Changing state marijuana laws shake up drug policies at hospitals
Will you have to allow its use when legalized?
With more states legalizing or decriminalizing the use of marijuana, hospital risk managers are forced to consider the implications for their drug use policies and testing programs. Many questions remain unanswered as healthcare providers deal with this new development.
Will you have to accept the smell of marijuana drifting from the employee break room? Can you still test for marijuana use? Can you prohibit use of the drug on an employee's off hours?
Healthcare providers in the affected states are in uncharted territory, and others should watch their response, says Cheryl D. Orr, JD, a partner with the law firm of Drinker Biddle & Reath in San Francisco. Only two states — Washington and Colorado — have legalized marijuana, but Orr says the law is in flux and more states could follow. Also, several states have enacted laws that reduce criminal penalties or provide exceptions or defenses for medical marijuana use.
Regardless of the legal status of marijuana, hospitals still can regulate its use in the workplace, Orr says.
"In those jurisdictions where marijuana has been legalized, hospitals, like other employers, may have to tread more lightly when it comes to taking adverse actions against employees who are off-duty marijuana users," Orr says. "However, given that it can impair functioning, hospitals likely do not need to concern themselves with the effect of legalization on maintaining drug-free workplaces. Just as hospitals can prohibit on-duty alcohol use, they can prohibit on-duty marijuana use in the current legal landscape."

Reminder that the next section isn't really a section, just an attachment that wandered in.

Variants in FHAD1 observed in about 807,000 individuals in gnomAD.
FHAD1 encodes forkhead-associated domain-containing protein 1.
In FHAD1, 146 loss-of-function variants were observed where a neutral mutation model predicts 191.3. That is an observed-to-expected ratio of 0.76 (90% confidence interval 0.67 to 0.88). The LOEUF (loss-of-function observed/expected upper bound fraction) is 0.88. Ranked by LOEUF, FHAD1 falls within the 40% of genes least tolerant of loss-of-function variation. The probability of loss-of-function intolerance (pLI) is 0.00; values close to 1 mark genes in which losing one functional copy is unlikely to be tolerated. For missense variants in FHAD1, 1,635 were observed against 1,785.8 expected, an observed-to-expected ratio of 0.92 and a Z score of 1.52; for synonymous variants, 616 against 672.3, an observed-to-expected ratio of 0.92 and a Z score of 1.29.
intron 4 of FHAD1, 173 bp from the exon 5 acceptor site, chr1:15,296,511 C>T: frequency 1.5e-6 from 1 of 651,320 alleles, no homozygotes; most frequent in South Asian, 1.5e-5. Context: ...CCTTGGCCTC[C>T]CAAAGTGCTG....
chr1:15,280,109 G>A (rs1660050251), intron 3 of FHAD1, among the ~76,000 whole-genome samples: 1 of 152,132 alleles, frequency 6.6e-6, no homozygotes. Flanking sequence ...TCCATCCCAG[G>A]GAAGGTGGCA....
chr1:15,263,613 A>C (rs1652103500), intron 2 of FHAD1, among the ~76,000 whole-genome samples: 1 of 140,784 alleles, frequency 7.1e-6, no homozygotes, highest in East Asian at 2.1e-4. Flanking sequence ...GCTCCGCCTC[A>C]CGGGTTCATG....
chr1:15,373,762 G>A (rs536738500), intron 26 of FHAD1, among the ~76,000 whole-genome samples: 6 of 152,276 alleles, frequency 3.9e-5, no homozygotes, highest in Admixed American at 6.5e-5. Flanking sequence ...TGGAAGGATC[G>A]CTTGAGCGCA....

Colorado attorney Thomas J. Overton, JD, a partner with The Overton Law Firm in Denver, has been considering these issues since September 2013, when his state made recreational use of marijuana legal and allowed its retail sale. Overton says that legalization has prompted concern for all employers but healthcare providers in particular.
Orr notes that marijuana remains illegal under federal law. That fact means that in all jurisdictions where there is no state or municipal law regarding marijuana use, hospitals arguably are free to prohibit employees and contractors from using marijuana off duty, she says. Even medicinal marijuana can be prohibited, she says.
Overton underscores that point by noting that even aside from employment concerns, marijuana users can run into trouble with federal law enforcement even if the state says it doesn't mind.
"That's pretty important because it not only impacts the individual's outcome, but it can give the hospital administrator a basis for prohibiting its use," Overton says.